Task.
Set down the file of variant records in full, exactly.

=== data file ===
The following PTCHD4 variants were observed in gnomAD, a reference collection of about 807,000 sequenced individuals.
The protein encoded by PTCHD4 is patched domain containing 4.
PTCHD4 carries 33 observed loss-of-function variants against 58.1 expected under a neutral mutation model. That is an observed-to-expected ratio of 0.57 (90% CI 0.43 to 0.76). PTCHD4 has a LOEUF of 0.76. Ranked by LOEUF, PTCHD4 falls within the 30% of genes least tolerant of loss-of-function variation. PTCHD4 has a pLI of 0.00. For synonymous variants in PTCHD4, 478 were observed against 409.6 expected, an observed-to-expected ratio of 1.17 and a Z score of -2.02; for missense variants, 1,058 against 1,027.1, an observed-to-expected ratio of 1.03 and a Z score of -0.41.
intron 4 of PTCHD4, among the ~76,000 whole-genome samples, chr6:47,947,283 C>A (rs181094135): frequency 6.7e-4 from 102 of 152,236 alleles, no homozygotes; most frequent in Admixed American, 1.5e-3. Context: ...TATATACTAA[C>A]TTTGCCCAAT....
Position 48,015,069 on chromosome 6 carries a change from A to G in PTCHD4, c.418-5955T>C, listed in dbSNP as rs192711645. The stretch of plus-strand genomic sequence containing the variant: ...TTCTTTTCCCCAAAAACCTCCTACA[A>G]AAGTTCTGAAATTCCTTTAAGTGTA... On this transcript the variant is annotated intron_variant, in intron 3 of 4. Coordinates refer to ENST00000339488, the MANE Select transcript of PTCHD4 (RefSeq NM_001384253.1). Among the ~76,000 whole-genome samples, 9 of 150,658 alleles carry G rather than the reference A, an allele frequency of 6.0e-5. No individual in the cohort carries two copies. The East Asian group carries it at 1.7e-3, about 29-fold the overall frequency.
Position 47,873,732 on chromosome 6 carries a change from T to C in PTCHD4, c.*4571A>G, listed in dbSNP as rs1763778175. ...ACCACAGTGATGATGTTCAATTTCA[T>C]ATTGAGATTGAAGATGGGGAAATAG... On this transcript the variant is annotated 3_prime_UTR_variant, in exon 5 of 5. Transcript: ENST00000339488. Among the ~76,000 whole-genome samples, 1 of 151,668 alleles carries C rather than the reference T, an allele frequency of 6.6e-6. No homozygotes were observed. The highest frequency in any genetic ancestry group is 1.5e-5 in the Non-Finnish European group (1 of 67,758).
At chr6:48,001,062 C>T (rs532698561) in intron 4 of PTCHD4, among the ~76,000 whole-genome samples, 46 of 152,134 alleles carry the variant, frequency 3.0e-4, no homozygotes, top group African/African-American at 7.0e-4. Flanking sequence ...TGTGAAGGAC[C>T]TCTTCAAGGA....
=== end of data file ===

The following PTCHD4 variants were observed in gnomAD, a reference collection of about 807,000 sequenced individuals.
The protein encoded by PTCHD4 is patched domain containing 4.
PTCHD4 carries 33 observed loss-of-function variants against 58.1 expected under a neutral mutation model. That is an observed-to-expected ratio of 0.57 (90% CI 0.43 to 0.76). PTCHD4 has a LOEUF of 0.76. Ranked by LOEUF, PTCHD4 falls within the 30% of genes least tolerant of loss-of-function variation. PTCHD4 has a pLI of 0.00. For synonymous variants in PTCHD4, 478 were observed against 409.6 expected, an observed-to-expected ratio of 1.17 and a Z score of -2.02; for missense variants, 1,058 against 1,027.1, an observed-to-expected ratio of 1.03 and a Z score of -0.41.
intron 4 of PTCHD4, among the ~76,000 whole-genome samples, chr6:47,947,283 C>A (rs181094135): frequency 6.7e-4 from 102 of 152,236 alleles, no homozygotes; most frequent in Admixed American, 1.5e-3. Context: ...TATATACTAA[C>A]TTTGCCCAAT....
Position 48,015,069 on chromosome 6 carries a change from A to G in PTCHD4, c.418-5955T>C, listed in dbSNP as rs192711645. The stretch of plus-strand genomic sequence containing the variant: ...TTCTTTTCCCCAAAAACCTCCTACA[A>G]AAGTTCTGAAATTCCTTTAAGTGTA... On this transcript the variant is annotated intron_variant, in intron 3 of 4. Coordinates refer to ENST00000339488, the MANE Select transcript of PTCHD4 (RefSeq NM_001384253.1). Among the ~76,000 whole-genome samples, 9 of 150,658 alleles carry G rather than the reference A, an allele frequency of 6.0e-5. No individual in the cohort carries two copies. The East Asian group carries it at 1.7e-3, about 29-fold the overall frequency.
Position 47,873,732 on chromosome 6 carries a change from T to C in PTCHD4, c.*4571A>G, listed in dbSNP as rs1763778175. ...ACCACAGTGATGATGTTCAATTTCA[T>C]ATTGAGATTGAAGATGGGGAAATAG... On this transcript the variant is annotated 3_prime_UTR_variant, in exon 5 of 5. Transcript: ENST00000339488. Among the ~76,000 whole-genome samples, 1 of 151,668 alleles carries C rather than the reference T, an allele frequency of 6.6e-6. No homozygotes were observed. The highest frequency in any genetic ancestry group is 1.5e-5 in the Non-Finnish European group (1 of 67,758).
At chr6:48,001,062 C>T (rs532698561) in intron 4 of PTCHD4, among the ~76,000 whole-genome samples, 46 of 152,134 alleles carry the variant, frequency 3.0e-4, no homozygotes, top group African/African-American at 7.0e-4. Flanking sequence ...TGTGAAGGAC[C>T]TCTTCAAGGA....